Catatonic schizophrenia is a type of schizophrenia that produces extremes of behavior. Some people with catatonic schizophrenia spend hours or even weeks completely immobile and unresponsive. Some display intense activity seemingly without purpose, and still others switch between these two extremes.
Although it’s a common form of schizophrenia in other parts of the world, catatonic schizophrenia is now rare in both Europe and North America. Why rates of catatonic schizophrenia have dropped in these locations is unknown.
Catatonic Schizophrenia Symptoms
A person with catatonic schizophrenia may be unable to move or speak. Conversely, catatonic schizophrenia symptoms can include intense but seemingly pointless activity or motion.
Catatonic schizophrenia symptoms include staring and an apparent lack of awareness of the surrounding environment, a condition known as “catatonic stupor.” People with catatonic schizophrenia may remain in a single position for hours or even weeks, no matter how uncomfortable it appears.
Catatonic schizophrenia symptoms may include “waxy flexibility.” If the body position of a person with waxy flexibility is altered, he or she will maintain the new position for a long period of time.
Most people associate catatonia with immobility, but catatonic schizophrenia symptoms can include excessive mobility. The individual engages in apparently meaningless activity, such as arm flailing, pacing in circles or spinning. Some people with catatonic schizophrenia make repetitive loud noises. Catatonic schizophrenia symptoms may alternate between immobility and excessive activity.
Other catatonic schizophrenia symptoms include:
- Command automatism, in which the individual passively complies with instructions
- Echoalia, which consists of repeating or echoing a word or phrase said by someone else
- Echopraxia, copying someone else’s movements, is another typical symptom.
- Negativism, a condition in which the individual resists attempts to be moved. Individuals may resist all instructions, become rigid to resist movement or actively move in the opposite direction.
People with catatonic schizophrenia may also involuntarily grimace, assume unusual positions, repeat the same movement continuously or rigidly follow routines.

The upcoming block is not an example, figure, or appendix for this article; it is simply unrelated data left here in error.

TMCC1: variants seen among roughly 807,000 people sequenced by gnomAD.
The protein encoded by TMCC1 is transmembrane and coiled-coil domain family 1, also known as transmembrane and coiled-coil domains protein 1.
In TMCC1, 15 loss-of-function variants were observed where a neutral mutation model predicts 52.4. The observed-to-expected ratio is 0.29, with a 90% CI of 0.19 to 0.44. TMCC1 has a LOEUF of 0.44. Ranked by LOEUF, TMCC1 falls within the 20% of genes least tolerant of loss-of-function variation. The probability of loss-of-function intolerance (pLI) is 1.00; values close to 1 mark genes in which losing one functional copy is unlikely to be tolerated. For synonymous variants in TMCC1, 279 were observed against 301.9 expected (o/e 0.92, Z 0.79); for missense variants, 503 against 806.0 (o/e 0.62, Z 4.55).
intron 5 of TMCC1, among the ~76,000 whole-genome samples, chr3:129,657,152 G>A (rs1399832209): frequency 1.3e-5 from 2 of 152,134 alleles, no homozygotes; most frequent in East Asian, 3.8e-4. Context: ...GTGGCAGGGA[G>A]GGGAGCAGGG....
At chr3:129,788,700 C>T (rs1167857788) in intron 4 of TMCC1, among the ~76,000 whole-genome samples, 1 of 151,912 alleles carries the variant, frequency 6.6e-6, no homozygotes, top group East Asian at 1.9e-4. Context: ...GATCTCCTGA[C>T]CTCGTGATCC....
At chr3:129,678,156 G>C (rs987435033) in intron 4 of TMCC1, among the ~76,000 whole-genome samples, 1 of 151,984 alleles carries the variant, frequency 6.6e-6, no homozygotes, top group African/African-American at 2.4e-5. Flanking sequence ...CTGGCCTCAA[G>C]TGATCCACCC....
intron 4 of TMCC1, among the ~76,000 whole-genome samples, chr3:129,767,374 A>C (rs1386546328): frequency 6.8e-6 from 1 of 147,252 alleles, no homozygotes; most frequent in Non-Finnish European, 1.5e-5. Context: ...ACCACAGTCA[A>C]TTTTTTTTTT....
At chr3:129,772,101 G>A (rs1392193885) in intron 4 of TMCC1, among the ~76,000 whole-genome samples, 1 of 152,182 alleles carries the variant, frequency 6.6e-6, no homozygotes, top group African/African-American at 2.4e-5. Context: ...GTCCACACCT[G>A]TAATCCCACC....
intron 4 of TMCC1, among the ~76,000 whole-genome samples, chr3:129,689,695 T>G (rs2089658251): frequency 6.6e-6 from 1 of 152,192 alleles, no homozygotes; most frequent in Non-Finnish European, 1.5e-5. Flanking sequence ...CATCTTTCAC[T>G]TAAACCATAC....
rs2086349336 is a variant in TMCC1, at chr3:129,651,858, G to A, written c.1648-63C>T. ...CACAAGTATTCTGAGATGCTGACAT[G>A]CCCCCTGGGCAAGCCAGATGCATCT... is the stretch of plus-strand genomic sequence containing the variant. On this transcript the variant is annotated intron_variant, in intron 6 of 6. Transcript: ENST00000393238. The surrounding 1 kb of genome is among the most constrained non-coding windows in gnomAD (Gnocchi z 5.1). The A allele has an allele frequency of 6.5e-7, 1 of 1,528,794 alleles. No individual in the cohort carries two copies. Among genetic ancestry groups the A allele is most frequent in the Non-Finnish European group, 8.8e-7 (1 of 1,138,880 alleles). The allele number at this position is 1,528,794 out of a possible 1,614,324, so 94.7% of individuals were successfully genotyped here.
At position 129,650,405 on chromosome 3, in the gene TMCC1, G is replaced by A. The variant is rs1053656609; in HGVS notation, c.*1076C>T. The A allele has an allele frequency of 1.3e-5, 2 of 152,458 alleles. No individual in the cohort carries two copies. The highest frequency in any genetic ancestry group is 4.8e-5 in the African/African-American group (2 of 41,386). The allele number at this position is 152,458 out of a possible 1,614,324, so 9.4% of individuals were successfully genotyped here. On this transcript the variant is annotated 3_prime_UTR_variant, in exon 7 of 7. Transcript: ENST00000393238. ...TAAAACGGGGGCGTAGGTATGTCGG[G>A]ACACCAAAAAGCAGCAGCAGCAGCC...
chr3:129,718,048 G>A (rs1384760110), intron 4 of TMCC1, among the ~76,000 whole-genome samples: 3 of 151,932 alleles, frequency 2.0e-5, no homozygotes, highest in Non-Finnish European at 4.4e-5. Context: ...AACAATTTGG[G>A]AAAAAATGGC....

In addition to characteristic catatonic schizophrenia symptoms, people who have catatonic schizophrenia may exhibit common schizophrenia symptoms such as hallucinations, delusions, social isolation and inappropriate or deadened emotions.
Catatonic Schizophrenia Diagnosis
The presence of catatonia alone is insufficient for a catatonic schizophrenia diagnosis. Other medical conditions can cause catatonia, including autism, substance abuse, mania, severe depression and seizures.
A diagnosis of catatonic schizophrenia is considered only if the patient first meets the criteria for the broader diagnosis of schizophrenia. Catatonic symptoms can interfere with the compilation of an accurate medical history, so it may take time to verify or rule out catatonic schizophrenia.
Catatonic Schizophrenia Treatment
Catatonic schizophrenia treatment resembles more general schizophrenia treatment. Medication, counseling or electroconvulsive therapy may be used in catatonic schizophrenia treatment. Individuals with severe symptoms may require periods of hospitalization.
People with catatonic schizophrenia may not see the need for schizophrenia treatment, especially during periods when symptoms are not noticeable. Catatonic schizophrenia treatment requires consistency to work most effectively.
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Mayo Clinic. (2008). Catatonic schizophrenia. Retrieved July 5, 2010, from http://www.mayoclinic.com/health/catatonic-schizophrenia/DS00863
Mulhauser, G. (n.d.). Catatonic schizophrenia diagnostic criteria. Retrieved July 5, 2010, from http://counsellingresource.com/distress/schizophrenia/icd/catatonic.html